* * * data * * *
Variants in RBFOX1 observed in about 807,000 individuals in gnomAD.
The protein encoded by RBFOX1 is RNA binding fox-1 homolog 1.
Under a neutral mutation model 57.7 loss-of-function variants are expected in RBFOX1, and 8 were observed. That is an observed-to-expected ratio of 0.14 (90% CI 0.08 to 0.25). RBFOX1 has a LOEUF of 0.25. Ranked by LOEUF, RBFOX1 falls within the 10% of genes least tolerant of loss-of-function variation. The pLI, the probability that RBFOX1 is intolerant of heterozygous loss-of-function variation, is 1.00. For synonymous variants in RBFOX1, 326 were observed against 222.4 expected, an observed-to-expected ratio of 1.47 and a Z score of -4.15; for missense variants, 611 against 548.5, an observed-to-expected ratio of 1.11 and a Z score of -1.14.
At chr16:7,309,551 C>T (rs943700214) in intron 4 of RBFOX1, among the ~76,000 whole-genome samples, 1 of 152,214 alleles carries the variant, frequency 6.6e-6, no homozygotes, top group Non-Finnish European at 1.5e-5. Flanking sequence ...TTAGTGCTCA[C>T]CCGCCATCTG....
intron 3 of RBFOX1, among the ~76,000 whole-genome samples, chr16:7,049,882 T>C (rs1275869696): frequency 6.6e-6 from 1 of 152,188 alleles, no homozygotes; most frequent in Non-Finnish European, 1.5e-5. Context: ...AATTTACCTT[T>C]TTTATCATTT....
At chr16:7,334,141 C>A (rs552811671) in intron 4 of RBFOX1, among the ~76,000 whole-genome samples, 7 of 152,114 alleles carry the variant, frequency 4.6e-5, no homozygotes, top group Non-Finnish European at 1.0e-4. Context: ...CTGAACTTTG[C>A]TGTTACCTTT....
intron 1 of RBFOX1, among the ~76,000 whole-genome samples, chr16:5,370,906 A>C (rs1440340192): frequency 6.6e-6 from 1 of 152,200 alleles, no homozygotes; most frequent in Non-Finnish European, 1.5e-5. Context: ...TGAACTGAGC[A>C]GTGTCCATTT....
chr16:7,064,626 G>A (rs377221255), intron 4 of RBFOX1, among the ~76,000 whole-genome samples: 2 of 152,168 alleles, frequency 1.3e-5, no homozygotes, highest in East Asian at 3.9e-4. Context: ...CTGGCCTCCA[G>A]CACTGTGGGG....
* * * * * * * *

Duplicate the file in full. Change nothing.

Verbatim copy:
Variants in RBFOX1 observed in about 807,000 individuals in gnomAD.
The protein encoded by RBFOX1 is RNA binding fox-1 homolog 1.
Under a neutral mutation model 57.7 loss-of-function variants are expected in RBFOX1, and 8 were observed. That is an observed-to-expected ratio of 0.14 (90% CI 0.08 to 0.25). RBFOX1 has a LOEUF of 0.25. Ranked by LOEUF, RBFOX1 falls within the 10% of genes least tolerant of loss-of-function variation. The pLI, the probability that RBFOX1 is intolerant of heterozygous loss-of-function variation, is 1.00. For synonymous variants in RBFOX1, 326 were observed against 222.4 expected, an observed-to-expected ratio of 1.47 and a Z score of -4.15; for missense variants, 611 against 548.5, an observed-to-expected ratio of 1.11 and a Z score of -1.14.
At chr16:7,309,551 C>T (rs943700214) in intron 4 of RBFOX1, among the ~76,000 whole-genome samples, 1 of 152,214 alleles carries the variant, frequency 6.6e-6, no homozygotes, top group Non-Finnish European at 1.5e-5. Flanking sequence ...TTAGTGCTCA[C>T]CCGCCATCTG....
intron 3 of RBFOX1, among the ~76,000 whole-genome samples, chr16:7,049,882 T>C (rs1275869696): frequency 6.6e-6 from 1 of 152,188 alleles, no homozygotes; most frequent in Non-Finnish European, 1.5e-5. Context: ...AATTTACCTT[T>C]TTTATCATTT....
At chr16:7,334,141 C>A (rs552811671) in intron 4 of RBFOX1, among the ~76,000 whole-genome samples, 7 of 152,114 alleles carry the variant, frequency 4.6e-5, no homozygotes, top group Non-Finnish European at 1.0e-4. Context: ...CTGAACTTTG[C>A]TGTTACCTTT....
intron 1 of RBFOX1, among the ~76,000 whole-genome samples, chr16:5,370,906 A>C (rs1440340192): frequency 6.6e-6 from 1 of 152,200 alleles, no homozygotes; most frequent in Non-Finnish European, 1.5e-5. Context: ...TGAACTGAGC[A>C]GTGTCCATTT....
chr16:7,064,626 G>A (rs377221255), intron 4 of RBFOX1, among the ~76,000 whole-genome samples: 2 of 152,168 alleles, frequency 1.3e-5, no homozygotes, highest in East Asian at 3.9e-4. Context: ...CTGGCCTCCA[G>A]CACTGTGGGG....